Tuesday, May 5, 2009

The Moon & the Sun Review

The Moon and the Sun by Vonda N. McIntyre

The story is about Marie-Josephe and her fight to save the life of a sea woman who her brother, Yves, caught and the king plans to eat. When Marie-Josephe finds out that the sea woman is intelligent she is willing to risk everything to save her. I liked the dual nature of Marie-Josephe’s character where one minute she is shy and blushing and the next she is standing up to the king. It makes her more complex but at times she is almost too complex. She is open minded, and accepting of everyone even if society isn’t, and proficient in so many skills and subjects, and she’s beautiful, and so reverent of the king and pope, and everything else that there is so much to her that it is hard to bring her into focus as a real person. And due to her wide eyed innocence every innuendo had to be explained bluntly to her and it got rather annoying. I was happy to see that the sea woman wasn’t always sweet, gentle, and loving, not the one dimensional, perfect, innocent, doe-eyed opposite of the big bad humans. Yves also has some interesting parts to his character because he is so conflicted unlike, it seemed to me, many of the other characters for whom everything was hard lines. But even with Yves, as with many of the characters, I felt he was taken to extremes. If it was a movie I would say everyone was overacting their part and they needed to tone it down a bit. I also found some of the plot rather hokey. When Marie-Josephe learns to understand the sea woman, even though no one else can, it reminded me of a children’s movie where some kid can understand all the barnyard animals when they ‘talk’. And there was something overly simplistic about the big run for freedom, something reminiscent of the Little Engine That Could repeating ‘I think I can, I think I can’ and thinking that if they believe hard enough it will all work out. There was also a lot of description of hair-dos and clothes and court splendor that got tedious after a while but it does help give you a very good picture of the setting. You can imagine the pomp and can get a good idea of the world in which these characters reside. The story was okay. It had a strong female lead, a little romance, a little fantasy, a little historical fiction. I liked the mix of genres and how it talked about Newton and emerging science of the period. But okay was as far as it got for me. There was nothing so extraordinary about the story or the characters that made this book special in my mind, nothing that made it stand out.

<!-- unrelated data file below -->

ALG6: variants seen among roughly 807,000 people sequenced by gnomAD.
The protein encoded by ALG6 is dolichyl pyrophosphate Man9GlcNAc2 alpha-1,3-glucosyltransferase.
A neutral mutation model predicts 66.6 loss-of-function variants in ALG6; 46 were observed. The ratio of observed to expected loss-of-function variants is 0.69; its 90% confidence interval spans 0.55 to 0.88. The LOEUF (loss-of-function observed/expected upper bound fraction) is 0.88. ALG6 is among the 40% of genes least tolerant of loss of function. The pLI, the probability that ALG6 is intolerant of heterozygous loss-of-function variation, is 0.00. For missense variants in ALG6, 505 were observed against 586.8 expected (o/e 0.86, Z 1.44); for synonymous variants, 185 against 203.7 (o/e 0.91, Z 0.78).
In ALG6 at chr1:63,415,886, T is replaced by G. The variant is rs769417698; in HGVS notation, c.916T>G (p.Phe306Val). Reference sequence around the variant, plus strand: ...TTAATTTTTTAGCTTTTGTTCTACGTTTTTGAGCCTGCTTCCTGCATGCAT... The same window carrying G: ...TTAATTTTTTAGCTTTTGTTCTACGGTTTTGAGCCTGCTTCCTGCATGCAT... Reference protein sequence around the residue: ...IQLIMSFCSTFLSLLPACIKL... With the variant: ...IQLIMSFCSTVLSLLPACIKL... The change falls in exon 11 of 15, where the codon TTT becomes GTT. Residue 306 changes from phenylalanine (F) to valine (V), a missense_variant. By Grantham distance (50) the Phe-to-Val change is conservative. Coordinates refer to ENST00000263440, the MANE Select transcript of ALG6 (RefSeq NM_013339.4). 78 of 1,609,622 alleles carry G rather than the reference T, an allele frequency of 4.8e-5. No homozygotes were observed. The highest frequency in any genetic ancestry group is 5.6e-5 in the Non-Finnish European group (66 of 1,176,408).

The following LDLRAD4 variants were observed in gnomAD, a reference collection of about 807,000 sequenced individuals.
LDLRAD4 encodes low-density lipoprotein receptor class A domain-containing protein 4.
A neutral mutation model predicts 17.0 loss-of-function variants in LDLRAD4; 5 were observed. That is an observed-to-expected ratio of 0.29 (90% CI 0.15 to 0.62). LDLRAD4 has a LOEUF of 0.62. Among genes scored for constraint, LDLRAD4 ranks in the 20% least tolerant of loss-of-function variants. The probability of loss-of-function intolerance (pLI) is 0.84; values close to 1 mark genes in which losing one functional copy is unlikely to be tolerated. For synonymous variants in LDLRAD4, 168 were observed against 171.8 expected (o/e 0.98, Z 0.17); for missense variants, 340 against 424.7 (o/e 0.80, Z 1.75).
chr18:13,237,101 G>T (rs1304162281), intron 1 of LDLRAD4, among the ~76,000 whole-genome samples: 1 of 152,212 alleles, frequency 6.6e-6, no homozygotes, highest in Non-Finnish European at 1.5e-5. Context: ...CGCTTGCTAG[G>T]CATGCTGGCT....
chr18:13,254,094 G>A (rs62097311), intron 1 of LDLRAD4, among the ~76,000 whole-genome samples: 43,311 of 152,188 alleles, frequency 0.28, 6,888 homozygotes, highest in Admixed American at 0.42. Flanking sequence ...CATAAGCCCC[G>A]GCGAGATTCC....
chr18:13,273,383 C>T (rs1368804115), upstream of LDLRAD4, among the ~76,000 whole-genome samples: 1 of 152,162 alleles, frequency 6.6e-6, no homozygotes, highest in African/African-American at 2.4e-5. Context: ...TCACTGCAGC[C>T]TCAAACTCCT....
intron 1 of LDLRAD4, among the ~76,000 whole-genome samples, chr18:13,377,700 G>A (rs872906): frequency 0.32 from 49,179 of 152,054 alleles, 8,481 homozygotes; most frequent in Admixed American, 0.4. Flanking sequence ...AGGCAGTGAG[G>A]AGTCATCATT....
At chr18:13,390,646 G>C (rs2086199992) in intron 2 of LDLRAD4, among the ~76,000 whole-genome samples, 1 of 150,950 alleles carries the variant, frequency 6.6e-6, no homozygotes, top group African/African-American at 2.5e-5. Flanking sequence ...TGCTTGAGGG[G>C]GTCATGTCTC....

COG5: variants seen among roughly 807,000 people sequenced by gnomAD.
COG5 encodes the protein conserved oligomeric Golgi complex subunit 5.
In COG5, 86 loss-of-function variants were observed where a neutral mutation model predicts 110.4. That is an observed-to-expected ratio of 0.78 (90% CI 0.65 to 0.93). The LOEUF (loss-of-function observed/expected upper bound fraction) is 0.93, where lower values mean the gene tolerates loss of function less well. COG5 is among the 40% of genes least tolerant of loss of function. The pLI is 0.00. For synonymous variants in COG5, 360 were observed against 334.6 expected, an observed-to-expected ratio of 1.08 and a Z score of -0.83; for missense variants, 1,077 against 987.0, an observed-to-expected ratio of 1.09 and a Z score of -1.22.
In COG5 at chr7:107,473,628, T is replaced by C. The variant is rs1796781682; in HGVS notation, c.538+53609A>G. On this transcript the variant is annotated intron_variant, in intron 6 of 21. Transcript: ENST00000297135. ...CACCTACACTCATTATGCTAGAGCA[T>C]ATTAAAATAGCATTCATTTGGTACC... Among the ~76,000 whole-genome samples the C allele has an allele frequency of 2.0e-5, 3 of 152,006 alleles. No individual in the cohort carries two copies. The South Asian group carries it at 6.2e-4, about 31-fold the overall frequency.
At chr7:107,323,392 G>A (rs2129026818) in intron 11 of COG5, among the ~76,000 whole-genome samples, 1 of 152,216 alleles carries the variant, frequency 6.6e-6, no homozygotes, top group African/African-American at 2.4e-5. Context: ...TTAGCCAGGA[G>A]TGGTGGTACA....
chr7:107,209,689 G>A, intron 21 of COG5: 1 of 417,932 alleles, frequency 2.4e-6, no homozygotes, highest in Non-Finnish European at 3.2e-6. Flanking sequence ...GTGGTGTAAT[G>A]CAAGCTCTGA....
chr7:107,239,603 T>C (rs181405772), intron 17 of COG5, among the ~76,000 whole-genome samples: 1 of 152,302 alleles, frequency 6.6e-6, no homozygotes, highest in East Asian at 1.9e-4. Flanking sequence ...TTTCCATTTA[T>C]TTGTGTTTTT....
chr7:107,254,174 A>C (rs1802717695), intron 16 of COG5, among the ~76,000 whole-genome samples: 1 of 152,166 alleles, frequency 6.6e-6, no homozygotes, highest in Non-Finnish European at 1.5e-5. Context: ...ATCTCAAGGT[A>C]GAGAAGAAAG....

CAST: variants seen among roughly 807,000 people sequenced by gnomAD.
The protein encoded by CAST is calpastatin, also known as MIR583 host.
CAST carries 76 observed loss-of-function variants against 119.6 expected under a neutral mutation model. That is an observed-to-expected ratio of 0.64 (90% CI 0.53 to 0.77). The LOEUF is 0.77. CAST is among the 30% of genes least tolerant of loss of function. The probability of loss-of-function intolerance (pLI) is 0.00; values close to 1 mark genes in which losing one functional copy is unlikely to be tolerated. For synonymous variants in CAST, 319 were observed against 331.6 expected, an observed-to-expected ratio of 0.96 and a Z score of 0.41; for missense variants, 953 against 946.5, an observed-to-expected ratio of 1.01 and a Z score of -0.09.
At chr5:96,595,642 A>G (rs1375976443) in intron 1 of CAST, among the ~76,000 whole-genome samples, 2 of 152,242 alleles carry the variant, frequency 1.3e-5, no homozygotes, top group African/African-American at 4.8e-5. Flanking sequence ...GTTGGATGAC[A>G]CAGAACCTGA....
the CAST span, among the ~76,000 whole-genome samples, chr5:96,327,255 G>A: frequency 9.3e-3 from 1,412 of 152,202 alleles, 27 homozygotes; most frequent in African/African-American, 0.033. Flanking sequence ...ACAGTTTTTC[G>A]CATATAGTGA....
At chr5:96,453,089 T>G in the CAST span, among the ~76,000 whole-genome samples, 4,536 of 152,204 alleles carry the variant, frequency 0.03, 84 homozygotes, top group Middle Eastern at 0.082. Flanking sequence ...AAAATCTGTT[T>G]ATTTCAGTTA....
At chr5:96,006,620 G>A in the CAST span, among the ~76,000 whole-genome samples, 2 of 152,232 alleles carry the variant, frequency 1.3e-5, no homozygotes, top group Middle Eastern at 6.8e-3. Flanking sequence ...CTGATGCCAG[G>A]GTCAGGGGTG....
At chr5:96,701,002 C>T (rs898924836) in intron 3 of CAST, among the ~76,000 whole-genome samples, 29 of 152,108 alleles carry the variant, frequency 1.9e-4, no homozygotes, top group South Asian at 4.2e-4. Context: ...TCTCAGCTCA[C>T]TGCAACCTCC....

But maybe I'm wrong. It did win the 1997 Nebula Award and other people have loved it. If you want to read it and judge for yourself you can go here and find several ways to get an electronic copy for free.

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